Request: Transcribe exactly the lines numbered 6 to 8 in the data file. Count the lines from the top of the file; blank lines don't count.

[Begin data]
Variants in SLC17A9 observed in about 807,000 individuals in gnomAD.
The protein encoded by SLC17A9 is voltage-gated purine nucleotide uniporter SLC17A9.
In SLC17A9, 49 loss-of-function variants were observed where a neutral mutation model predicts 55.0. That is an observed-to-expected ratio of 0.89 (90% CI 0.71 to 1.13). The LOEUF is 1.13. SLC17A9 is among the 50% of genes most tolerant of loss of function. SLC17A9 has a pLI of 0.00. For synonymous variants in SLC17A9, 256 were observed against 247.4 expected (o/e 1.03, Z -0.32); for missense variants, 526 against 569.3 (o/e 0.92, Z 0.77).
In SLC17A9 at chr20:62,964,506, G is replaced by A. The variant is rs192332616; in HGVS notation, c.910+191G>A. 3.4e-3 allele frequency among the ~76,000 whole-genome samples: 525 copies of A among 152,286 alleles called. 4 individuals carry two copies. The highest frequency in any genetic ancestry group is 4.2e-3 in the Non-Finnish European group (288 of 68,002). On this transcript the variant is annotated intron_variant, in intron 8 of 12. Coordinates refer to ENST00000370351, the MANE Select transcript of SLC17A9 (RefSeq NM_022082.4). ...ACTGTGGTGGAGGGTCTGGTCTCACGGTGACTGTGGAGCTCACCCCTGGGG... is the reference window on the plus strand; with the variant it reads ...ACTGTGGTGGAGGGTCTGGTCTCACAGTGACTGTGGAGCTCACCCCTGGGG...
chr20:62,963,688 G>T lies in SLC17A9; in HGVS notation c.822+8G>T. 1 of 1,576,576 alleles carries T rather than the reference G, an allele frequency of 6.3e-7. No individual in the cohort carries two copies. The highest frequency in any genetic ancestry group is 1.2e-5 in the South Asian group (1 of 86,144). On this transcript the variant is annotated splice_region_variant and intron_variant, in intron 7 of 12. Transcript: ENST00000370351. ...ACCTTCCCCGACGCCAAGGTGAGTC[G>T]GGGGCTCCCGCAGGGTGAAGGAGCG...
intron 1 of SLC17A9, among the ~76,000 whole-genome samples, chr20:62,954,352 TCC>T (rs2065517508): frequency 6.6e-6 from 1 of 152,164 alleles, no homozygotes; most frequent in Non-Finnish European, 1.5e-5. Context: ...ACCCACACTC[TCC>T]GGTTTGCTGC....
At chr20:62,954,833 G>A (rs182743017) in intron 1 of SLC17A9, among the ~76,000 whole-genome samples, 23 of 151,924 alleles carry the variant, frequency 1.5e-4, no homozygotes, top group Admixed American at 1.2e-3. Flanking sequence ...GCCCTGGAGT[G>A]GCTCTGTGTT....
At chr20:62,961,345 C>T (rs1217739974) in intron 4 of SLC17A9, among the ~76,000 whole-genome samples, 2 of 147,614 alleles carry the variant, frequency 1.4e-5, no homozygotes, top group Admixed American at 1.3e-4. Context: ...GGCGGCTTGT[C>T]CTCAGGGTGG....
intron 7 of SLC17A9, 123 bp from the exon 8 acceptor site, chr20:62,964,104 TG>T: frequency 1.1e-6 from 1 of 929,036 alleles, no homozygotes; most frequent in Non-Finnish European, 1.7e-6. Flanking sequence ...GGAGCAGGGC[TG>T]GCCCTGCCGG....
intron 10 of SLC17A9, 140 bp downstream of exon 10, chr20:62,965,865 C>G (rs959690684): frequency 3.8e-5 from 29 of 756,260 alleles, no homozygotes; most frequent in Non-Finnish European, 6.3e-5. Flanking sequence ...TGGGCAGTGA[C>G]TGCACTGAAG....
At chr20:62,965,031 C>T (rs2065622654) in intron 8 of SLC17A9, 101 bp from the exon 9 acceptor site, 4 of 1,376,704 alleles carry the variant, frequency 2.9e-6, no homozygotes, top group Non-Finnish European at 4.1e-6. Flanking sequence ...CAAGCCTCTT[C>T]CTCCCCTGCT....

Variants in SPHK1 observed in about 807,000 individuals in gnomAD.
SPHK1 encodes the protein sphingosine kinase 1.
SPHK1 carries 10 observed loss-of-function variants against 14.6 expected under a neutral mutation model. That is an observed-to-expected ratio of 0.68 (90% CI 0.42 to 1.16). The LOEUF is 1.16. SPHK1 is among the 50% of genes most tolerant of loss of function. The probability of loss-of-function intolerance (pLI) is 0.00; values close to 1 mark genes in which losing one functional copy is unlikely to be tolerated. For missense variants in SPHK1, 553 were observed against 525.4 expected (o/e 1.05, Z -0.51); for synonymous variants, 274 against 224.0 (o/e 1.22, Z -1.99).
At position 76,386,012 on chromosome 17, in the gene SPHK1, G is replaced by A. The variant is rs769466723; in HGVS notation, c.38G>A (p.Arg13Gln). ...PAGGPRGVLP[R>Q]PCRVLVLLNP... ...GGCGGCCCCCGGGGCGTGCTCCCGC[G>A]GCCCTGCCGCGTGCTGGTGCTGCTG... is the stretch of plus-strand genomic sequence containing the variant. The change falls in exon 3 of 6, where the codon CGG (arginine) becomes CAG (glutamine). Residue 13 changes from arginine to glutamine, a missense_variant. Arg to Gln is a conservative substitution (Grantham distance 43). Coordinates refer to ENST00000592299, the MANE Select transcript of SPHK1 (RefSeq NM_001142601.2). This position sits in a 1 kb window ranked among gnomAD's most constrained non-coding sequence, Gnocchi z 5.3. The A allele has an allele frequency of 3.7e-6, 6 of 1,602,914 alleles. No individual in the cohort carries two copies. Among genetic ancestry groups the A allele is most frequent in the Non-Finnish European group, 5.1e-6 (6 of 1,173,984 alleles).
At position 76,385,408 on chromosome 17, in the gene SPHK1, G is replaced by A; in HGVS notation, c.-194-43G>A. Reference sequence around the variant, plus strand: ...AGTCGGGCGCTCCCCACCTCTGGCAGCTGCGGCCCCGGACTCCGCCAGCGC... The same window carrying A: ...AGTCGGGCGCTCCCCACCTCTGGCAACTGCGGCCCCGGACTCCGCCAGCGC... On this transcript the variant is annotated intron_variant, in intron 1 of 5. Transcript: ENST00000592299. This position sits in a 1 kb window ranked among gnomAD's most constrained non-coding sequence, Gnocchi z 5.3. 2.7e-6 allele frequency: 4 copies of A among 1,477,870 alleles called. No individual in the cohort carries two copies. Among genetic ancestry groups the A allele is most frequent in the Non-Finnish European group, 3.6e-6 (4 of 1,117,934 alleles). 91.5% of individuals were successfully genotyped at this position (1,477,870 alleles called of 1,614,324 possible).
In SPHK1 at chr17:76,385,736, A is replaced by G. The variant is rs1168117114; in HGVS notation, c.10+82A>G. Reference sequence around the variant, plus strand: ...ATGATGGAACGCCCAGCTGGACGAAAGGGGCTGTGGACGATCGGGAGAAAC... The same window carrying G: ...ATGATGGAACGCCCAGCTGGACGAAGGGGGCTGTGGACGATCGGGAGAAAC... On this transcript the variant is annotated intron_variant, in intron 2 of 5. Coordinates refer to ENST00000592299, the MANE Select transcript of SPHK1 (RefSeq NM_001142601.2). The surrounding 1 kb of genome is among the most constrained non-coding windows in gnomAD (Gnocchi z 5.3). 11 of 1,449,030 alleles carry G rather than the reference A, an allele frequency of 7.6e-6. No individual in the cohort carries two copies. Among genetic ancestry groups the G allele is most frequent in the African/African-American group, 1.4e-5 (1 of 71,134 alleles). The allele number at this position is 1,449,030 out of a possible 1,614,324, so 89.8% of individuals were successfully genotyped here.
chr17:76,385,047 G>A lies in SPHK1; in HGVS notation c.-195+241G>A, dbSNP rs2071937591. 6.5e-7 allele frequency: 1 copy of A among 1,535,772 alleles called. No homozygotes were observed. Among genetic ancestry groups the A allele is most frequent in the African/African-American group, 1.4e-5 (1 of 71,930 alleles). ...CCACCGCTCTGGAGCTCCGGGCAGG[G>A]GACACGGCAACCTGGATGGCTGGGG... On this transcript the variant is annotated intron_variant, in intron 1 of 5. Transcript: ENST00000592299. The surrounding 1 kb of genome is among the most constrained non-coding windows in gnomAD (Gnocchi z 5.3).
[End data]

intron 1 of SLC17A9, among the ~76,000 whole-genome samples, chr20:62,954,352 TCC>T (rs2065517508): frequency 6.6e-6 from 1 of 152,164 alleles, no homozygotes; most frequent in Non-Finnish European, 1.5e-5. Context: ...ACCCACACTC[TCC>T]GGTTTGCTGC....
At chr20:62,954,833 G>A (rs182743017) in intron 1 of SLC17A9, among the ~76,000 whole-genome samples, 23 of 151,924 alleles carry the variant, frequency 1.5e-4, no homozygotes, top group Admixed American at 1.2e-3. Flanking sequence ...GCCCTGGAGT[G>A]GCTCTGTGTT....
At chr20:62,961,345 C>T (rs1217739974) in intron 4 of SLC17A9, among the ~76,000 whole-genome samples, 2 of 147,614 alleles carry the variant, frequency 1.4e-5, no homozygotes, top group Admixed American at 1.3e-4. Context: ...GGCGGCTTGT[C>T]CTCAGGGTGG....